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Biological Chemistry

Mechanism Found For Isocyanate-Induced Asthma

Glutathione mediates response to chemical used in polymer production

by Celia Henry Arnaud
February 9, 2015 | APPEARED IN VOLUME 93, ISSUE 6

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Credit: Adam Wisnewski
Lung tissue in mice exposed to glutathione-MDI conjugates has elevated mucus production (red stain) along the airway and inflammatory cells in the air spaces and underlying tissue.
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Credit: Adam Wisnewski
Lung tissue in mice exposed to glutathione-MDI conjugates has elevated mucus production (red stain) along the airway and inflammatory cells in the air spaces and underlying tissue.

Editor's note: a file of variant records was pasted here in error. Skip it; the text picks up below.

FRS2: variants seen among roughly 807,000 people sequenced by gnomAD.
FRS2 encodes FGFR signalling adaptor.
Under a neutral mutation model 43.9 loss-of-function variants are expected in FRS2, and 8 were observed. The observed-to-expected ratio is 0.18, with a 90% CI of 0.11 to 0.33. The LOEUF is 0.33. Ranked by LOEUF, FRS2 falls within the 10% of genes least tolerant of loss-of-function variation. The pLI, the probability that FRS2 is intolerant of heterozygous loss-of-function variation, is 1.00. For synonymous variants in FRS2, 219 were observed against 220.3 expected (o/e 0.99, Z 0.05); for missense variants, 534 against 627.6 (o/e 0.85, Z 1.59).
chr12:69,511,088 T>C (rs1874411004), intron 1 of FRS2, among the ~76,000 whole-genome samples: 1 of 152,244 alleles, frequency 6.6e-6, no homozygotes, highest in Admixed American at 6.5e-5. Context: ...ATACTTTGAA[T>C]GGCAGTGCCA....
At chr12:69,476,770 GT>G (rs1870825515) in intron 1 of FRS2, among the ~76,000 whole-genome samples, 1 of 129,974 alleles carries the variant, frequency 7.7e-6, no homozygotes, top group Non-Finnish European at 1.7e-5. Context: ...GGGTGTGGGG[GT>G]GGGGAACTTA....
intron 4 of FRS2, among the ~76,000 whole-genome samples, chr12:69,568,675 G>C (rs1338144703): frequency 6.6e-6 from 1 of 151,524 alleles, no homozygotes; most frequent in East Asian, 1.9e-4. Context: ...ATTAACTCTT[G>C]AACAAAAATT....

Isocyanates, which are used in the production of polymers such as polyurethane, have been recognized as a trigger for occupational asthma since the 1950s. Decades later, the mechanisms by which isocyanates exert their effects remain unclear. Now, Adam V. Wisnewski, Jian Liu, and Christopher M. Colangelo of Yale University School of Medicine report that the allergic reactions triggered by methyl­ene diphenyl diisocyanate (MDI) might be mediated by glutathione, a tripeptide antioxidant found at high levels in airway fluid (Chem. Res. Toxicol. 2015, DOI: 10.1021/tx5005002). The researchers administered glutathione-MDI conjugates to mice and found that MDI is transferred to a particular lysine residue in albumin, probably via a transcarbamoylation reaction. The immune proteins released in MDI-induced asthma are characteristic of macrophages, whereas proteins produced in other types of asthma are typical of T cells. The researchers also identified proteins that were produced at lower levels, and others at higher levels, in response to MDI exposure. The protein concentration changes could serve as biomarkers for MDI exposure or MDI-induced asthma.

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